Kramer: You could think of the crisis in terms of three waves: the first one being China, the second Europe and the third the US. China's numbers have already gone down significantly, and it is very probable that they'll be able to keep it that way. The second wave is Europe, where we see an explosion of cases in Italy and dramatic increases elsewhere. There are likely reasons for why the virus is spreading at a different pace across Europe. Some countries have acted faster, some have more risk-averse populations, and some have better surveillance systems in place. The third wave is the United States, where the crisis is developing at 2-3 times the rate of what has been seen in Italy or Spain. This development is likely a temporary effect connected to initial testing failures. The US lost a considerable amount of time because they chose not to use the WHO tests. At this point it's impossible to grasp what the situation in the United States really is – but numbers will continue to go up rapidly for a while before the impact of containment measures is seen.
How can the West leverage the East's experience?
Kramer: China, South Korea and Singapore had practice runs in 2003 with SARS. It led them to set up infrastructure to deal with outbreaks of infectious diseases and that explains why they have been able to move so swiftly and efficiently in producing millions of tests. Their testing protocols and procedures were very different to what we see in Western Europe. Anyone who got symptoms could get tested. That whole system is geared towards catching every single case and preventing every single infection. We need to learn from their experience. What we really need is a truly global response where expertise, resources and capabilities are shared.
Are China's measures a recipe for success?
Kramer: Some of China's measures were severe and had a massive but short-lived negative economic and social impact. However, I do expect that China and South Korea will be able to keep their numbers down. This is largely due to additional measures they have in place that European and other countries are not using, such as a focus on quick self-identification of cases, contact tracing, and isolation of cases separately from their household to limit onward infection. While there will be some new outbreaks with this unpredictable infectious disease, the first wave countries will be able to clamp down on those very quickly, using the additional targeted measures they have in place which European countries haven't yet implemented. From that point of view, yes, they are successful. Europe is currently focused on social distancing and, where numbers are large, on lockdowns. These are economically and socially disruptive. This approach comes with its own challenges, which is what to do when the numbers come back down.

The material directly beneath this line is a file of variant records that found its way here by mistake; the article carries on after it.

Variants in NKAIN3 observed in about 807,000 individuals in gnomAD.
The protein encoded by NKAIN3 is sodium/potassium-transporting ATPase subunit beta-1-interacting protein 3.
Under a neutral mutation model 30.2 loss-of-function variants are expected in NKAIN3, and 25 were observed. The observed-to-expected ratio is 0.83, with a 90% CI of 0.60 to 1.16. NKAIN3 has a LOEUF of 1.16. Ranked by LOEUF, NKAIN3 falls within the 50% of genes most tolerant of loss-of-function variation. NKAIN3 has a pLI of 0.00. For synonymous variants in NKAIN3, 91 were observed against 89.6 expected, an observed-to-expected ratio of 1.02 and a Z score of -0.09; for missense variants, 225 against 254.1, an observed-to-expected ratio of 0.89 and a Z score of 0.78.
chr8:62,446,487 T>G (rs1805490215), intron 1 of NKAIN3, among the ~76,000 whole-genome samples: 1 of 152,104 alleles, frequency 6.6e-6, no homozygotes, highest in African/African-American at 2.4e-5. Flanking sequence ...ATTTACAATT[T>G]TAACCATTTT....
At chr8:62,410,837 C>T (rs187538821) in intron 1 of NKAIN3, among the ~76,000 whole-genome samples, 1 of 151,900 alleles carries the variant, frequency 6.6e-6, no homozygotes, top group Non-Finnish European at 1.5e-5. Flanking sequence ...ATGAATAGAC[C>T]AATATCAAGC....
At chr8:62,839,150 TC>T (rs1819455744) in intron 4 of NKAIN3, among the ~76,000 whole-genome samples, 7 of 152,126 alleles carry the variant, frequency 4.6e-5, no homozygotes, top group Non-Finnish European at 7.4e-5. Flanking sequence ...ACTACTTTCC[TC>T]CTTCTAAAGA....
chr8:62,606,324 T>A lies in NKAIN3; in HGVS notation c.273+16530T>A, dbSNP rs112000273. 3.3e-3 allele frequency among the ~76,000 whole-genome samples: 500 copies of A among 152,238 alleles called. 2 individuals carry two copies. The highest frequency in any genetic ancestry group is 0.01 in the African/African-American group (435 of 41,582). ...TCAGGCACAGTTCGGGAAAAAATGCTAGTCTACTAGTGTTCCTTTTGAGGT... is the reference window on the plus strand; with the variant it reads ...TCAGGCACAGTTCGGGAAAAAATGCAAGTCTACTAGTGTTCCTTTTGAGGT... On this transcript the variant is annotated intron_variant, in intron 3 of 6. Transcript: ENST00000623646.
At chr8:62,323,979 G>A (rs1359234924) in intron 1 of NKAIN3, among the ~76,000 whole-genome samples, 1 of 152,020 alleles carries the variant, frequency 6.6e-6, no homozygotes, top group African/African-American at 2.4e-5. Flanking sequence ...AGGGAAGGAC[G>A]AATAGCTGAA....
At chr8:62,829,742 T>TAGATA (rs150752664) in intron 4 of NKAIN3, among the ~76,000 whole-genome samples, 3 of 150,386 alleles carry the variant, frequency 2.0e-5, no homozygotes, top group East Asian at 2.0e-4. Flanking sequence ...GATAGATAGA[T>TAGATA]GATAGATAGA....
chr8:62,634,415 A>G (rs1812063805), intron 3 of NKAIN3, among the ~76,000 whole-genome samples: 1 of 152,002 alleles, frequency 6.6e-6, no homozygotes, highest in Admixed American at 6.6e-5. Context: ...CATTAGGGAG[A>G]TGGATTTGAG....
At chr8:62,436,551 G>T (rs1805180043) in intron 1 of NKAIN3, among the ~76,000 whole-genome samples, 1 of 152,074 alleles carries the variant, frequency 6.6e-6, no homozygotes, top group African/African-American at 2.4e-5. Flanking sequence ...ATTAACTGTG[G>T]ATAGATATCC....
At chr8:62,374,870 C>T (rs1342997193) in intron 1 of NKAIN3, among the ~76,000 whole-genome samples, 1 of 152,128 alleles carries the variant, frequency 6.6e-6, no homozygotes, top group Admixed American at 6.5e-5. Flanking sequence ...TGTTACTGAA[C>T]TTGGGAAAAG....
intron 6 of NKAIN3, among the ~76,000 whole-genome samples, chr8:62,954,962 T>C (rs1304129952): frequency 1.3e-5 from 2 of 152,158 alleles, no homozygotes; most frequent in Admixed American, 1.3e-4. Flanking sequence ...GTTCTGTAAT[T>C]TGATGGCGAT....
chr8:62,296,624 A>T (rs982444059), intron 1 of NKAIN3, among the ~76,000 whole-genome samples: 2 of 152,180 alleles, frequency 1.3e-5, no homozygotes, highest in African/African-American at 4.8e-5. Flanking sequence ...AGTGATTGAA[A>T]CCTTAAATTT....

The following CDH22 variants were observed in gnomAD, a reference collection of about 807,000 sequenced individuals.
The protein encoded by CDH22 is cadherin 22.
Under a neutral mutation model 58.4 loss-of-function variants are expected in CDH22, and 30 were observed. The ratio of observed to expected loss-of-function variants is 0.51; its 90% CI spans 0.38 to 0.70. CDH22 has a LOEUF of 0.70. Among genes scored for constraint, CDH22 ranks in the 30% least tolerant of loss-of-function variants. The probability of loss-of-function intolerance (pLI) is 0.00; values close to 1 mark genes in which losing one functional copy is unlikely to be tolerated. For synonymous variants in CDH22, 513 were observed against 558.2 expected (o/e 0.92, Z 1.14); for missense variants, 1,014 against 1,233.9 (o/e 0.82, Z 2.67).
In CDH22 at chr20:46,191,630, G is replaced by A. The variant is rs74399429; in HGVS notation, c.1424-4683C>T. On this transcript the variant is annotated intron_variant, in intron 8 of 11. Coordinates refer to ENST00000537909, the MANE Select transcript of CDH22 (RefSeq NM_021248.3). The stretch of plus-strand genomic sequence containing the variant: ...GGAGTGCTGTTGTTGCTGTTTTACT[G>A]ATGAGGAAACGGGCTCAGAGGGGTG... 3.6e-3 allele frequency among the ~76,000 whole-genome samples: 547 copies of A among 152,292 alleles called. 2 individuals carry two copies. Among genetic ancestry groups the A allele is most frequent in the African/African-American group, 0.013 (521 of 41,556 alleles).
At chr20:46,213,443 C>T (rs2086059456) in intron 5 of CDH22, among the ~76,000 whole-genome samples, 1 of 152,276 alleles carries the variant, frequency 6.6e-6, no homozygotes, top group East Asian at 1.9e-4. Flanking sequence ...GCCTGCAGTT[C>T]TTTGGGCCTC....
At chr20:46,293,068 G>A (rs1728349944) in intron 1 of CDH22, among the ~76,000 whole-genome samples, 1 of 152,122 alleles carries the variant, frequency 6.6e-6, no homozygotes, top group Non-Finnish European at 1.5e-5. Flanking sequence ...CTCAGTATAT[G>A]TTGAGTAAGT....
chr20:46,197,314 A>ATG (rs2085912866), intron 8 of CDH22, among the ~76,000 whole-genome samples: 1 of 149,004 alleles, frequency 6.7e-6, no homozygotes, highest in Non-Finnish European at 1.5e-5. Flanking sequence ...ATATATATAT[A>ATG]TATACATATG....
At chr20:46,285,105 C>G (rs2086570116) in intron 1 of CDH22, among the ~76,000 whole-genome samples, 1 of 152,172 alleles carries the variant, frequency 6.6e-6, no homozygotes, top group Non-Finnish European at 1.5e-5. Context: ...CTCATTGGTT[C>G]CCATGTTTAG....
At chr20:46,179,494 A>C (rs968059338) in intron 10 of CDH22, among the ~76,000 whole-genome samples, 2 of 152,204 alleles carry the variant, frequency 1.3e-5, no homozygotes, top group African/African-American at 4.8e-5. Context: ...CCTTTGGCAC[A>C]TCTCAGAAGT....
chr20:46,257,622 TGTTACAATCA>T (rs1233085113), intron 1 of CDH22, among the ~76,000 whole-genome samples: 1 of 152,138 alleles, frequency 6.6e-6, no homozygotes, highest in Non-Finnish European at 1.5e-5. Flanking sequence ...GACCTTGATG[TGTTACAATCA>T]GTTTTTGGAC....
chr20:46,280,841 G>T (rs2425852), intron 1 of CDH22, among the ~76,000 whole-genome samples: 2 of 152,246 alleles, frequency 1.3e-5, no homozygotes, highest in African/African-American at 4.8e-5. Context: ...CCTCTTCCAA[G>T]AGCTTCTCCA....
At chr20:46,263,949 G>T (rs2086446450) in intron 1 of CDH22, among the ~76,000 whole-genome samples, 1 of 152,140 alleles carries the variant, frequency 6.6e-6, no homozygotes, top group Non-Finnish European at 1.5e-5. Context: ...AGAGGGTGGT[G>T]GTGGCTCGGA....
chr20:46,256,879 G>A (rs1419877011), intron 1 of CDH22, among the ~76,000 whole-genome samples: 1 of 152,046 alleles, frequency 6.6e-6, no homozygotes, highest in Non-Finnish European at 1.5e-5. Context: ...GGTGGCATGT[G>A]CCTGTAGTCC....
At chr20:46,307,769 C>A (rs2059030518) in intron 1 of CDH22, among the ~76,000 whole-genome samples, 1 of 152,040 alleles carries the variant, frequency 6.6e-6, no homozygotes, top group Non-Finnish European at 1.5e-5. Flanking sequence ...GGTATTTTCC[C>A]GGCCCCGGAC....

What needs to happen now?
Kramer: We need tests, we need them everywhere and we need them as soon as possible. Comprehensive testing will allow for rapid case identification, targeted isolation of suspected and confirmed cases and, importantly, contact tracing. Contact tracing is essential, but it only makes sense if we can test the contacts. Another big challenge with the lack of a coordinated global response is that every country is doing their own thing.
Do you see positive developments?
Kramer: There is the expectation that the more severe measures will bring down the numbers in Europe in the coming months and that, by then, governments will have built up the necessary testing capabilities. That will be a very positive development. Beyond that, my hope is that we will develop our capabilities to Singapore-style levels, where anyone can get a test within three hours. There, all testing automatically triggers follow-up actions with positive tests leading to the tracing of contacts and further testing, separation and isolation. That's what we need to get to in the coming months.
How to you perceive acceptance of crisis measures on a societal level?
Kramer: Some countries display a commendable level of adherence, others are clearly struggling, with many governments having to clamp down on laggards with warnings and fines. But again, the situation isn't fundamentally served by local responses – we need a "whole society approach," where citizens around the world know their responsibilities, understand the symptoms, know what to do and act accordingly. Here, I also see corporates coming in and helping with their capabilities and resources. We can help governments with their challenges – this is the time for all of us to contribute. And we can also help by finding the right global response to one of the increasingly urgent questions: What will governments do when the numbers are down?